7 'We are stardust'
How did the atoms in our bodies, the Earth, the Sun and other astronomical objects originate? This question is intimately tied with one of the most fundamental questions in science 'How was the Universe formed?'. Only the simplest atoms were present in the early stages of the Universe. Even now, the composition of normal matter in the Universe is dominated by hydrogen and helium. All the other heavier atoms, rather confusingly referred to as 'metals' by astronomers, amount to around 2% of normal matter. The heavier elements have been produced in nuclear reactions within stars.
If the nuclear reactions in stars occur close to the centre where the temperatures and pressures are highest, how can these heavy elements escape to make their way into the gas and dust clouds in the Galaxy and ultimately into planets and us? The answer lies in the details of the evolution of stars. The structure of stars changes as they age and some end their lives in catastrophic explosions that distribute much of their mass into the surrounding space and increase the fraction of heavier elements that can be incorporated into new stars.
About 1% of the Sun's photosphere is composed of heavy elements. If the Sun formed from clouds of gas and dust in the Galaxy why does it contain only half the amount of heavy elements now present in the Galaxy?
The Sun formed when the Galaxy was considerably younger (around 4.6 billion years ago). As time passes more and more stars complete their life cycles and so the proportion of heavy elements increases. The Sun therefore formed when there were fewer heavy elements in the Galaxy.
Table 2 lists the fraction by mass of the most common elements in the photosphere of the Sun compared with those in the Earth and a human body. As you would expect, the elements that are most common in the Sun are those that are most commonly produced in the nuclear reactions in stars. However, if the Earth formed at around the same time as the Sun why does it have such a different composition? The most abundant atoms in the Universe are only minor constituents of the Earth. The answer lies in the way in which these elements are combined in molecules that formed the building blocks of the planets.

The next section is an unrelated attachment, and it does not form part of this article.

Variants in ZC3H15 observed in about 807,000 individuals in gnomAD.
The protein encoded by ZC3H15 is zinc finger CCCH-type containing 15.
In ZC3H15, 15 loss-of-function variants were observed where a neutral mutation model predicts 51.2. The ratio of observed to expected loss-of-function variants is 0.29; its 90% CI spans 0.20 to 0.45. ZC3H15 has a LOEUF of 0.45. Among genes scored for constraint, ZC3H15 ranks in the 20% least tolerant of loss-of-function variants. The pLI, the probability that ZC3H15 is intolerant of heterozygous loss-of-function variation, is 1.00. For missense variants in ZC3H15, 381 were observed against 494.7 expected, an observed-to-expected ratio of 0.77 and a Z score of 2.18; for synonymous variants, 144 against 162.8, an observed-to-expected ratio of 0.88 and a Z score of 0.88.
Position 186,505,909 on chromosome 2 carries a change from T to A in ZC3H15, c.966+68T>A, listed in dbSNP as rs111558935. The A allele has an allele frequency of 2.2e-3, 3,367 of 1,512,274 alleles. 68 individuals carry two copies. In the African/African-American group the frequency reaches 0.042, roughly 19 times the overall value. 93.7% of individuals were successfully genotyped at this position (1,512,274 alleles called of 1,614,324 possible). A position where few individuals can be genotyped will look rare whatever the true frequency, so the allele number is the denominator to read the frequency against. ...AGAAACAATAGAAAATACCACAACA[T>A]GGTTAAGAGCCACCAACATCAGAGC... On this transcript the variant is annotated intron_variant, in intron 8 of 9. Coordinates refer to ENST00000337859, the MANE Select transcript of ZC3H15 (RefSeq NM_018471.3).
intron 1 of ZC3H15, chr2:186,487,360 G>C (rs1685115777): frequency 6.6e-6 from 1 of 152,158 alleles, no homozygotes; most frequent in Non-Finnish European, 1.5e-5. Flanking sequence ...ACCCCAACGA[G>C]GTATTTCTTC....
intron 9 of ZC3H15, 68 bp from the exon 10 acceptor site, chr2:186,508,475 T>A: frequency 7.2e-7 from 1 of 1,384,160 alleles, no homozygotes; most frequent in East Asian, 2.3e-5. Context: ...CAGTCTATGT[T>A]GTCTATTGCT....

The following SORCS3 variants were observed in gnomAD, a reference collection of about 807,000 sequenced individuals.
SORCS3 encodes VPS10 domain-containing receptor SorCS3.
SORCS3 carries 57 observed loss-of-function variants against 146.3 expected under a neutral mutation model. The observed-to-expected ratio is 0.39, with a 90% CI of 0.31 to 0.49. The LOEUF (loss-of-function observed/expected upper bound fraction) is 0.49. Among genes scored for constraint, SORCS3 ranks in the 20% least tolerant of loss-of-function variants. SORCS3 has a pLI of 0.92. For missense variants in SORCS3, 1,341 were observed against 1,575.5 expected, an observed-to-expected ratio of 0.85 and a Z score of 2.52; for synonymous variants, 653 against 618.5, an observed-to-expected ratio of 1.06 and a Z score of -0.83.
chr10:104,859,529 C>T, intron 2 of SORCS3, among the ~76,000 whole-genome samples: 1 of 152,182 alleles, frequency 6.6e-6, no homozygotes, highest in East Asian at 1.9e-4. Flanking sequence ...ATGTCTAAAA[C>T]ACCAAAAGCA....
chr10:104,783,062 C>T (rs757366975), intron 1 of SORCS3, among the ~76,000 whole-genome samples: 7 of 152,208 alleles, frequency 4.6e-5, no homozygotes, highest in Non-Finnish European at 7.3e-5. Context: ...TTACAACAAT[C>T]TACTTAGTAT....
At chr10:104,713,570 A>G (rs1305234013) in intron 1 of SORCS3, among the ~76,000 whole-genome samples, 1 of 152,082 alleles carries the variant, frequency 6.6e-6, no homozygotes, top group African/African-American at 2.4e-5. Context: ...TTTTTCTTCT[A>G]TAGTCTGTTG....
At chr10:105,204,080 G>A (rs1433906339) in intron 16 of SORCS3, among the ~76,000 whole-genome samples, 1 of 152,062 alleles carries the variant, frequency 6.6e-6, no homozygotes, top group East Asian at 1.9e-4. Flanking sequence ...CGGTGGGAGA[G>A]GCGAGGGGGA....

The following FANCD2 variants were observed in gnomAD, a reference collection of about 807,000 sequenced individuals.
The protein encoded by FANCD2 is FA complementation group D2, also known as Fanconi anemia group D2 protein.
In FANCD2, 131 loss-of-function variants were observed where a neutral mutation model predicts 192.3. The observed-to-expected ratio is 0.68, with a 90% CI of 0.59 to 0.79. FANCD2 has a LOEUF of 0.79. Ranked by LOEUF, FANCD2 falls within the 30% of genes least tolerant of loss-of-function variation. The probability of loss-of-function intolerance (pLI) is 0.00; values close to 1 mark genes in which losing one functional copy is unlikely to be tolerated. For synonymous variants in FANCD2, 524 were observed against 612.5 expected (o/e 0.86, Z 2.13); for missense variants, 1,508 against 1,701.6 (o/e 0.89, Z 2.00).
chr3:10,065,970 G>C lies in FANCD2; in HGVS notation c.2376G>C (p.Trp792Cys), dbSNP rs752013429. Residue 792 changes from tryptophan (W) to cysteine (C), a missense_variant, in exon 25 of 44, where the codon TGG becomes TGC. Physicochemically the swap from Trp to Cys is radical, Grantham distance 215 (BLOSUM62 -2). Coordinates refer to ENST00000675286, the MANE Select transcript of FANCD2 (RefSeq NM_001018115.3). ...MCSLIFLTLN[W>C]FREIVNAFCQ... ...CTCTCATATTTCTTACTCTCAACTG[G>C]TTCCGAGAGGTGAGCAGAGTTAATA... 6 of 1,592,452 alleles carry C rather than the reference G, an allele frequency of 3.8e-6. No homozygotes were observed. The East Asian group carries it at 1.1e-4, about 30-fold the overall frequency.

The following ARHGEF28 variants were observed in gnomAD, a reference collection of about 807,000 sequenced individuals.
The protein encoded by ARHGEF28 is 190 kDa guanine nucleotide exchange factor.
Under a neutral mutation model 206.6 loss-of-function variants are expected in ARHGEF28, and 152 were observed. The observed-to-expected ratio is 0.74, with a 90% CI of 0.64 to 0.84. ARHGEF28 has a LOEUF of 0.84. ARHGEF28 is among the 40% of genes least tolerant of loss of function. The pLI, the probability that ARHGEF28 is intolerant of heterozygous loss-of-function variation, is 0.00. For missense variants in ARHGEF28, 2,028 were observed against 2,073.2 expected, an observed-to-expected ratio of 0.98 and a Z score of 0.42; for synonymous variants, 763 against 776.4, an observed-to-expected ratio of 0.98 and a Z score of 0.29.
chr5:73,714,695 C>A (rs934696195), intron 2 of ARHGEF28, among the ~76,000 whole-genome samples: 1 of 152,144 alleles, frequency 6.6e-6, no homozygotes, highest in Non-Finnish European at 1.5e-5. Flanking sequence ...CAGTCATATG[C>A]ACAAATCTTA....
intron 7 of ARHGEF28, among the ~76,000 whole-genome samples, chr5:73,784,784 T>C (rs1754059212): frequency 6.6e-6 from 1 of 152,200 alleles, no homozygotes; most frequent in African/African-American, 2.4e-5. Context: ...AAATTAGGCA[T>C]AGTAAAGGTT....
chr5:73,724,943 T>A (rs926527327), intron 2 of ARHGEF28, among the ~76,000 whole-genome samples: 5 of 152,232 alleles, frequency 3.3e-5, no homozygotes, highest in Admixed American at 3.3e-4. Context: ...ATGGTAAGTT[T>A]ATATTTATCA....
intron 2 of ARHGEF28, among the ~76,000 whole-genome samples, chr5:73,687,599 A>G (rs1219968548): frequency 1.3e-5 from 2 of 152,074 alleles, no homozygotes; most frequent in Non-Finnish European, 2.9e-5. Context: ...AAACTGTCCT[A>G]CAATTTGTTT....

|Abundance (% by mass)*|
|Element||Sun (photosphere)||Whole Earth||Earth's crust||Human|
Footnotes* Abundances of less than 0.1% are not shown. The biggest contributors are in bold. Totals do not add up to 100% because of rounding and missing elements.
The Earth is a rocky body, so elements that form minerals and rocks (oxygen, silicon and metals such as iron and magnesium) are the most common. Helium is an inert gas (as are neon and argon), which means that it does not react with other atoms to form molecules, and therefore does not contribute significantly to the rocky material of the Earth. The gas giant planet Jupiter has a composition much closer to that of the Sun; its vast atmosphere is composed of mainly hydrogen and helium.
The elemental composition of the human body is dominated by hydrogen, carbon and oxygen, three of the four most abundant atoms in the Sun. Water is formed from hydrogen and oxygen, and carbon is the key to forming highly complex molecules. These organic (carbon containing) molecules provide the framework for constructing the complex structures present in the human body and for carrying the information that allows humans to grow and reproduce (one of the definitions of life).
Helium is the second most abundant element in the Universe but is not a significant component of the human body. Why is this?
Because helium is an inert gas it does not form into molecules that are present in the human body.
It is beyond the scope of this short discussion to investigate the requirements for these complex molecules that are essential for life (as we know it) to exist. Nevertheless understanding how those conditions are satisfied on the Earth is the first step in attempting to find environments elsewhere where life may exist.
Current views of different parts of the Universe offer a wonderful spectacle, but all astronomers know that, as they peer across vast cosmic spaces, they also look back over great reaches of cosmic time. This is an unavoidable consequence of the finite speed of light. The light seen today from the most distant observable galaxies was emitted over 12 billion years ago. The earliest signals of any kind that can be detected (a particular kind of microwave radiation that is the remnant of the Big Bang that is believed to have formed the Universe) originated over 13 billion years ago. The Sun and Earth were formed around 4.6 billion years ago, and life has developed on Earth within the last 3 billion years. Only in the last million years of this vast timescale, did humans evolve on Earth (Figure 17), and only in the last century have they been able, in theory, to communicate their presence to other possible inhabitants of our galaxy. One of the most exciting recent developments in astronomy has been the detection of planetary systems around other stars. Many astronomers believe firm evidence for the presence of extraterrestrial life, either on another planet in our Solar System or orbiting a different star, will be found during our lifetimes. The prospects for finding extraterrestrial intelligent life appear to be much more remote.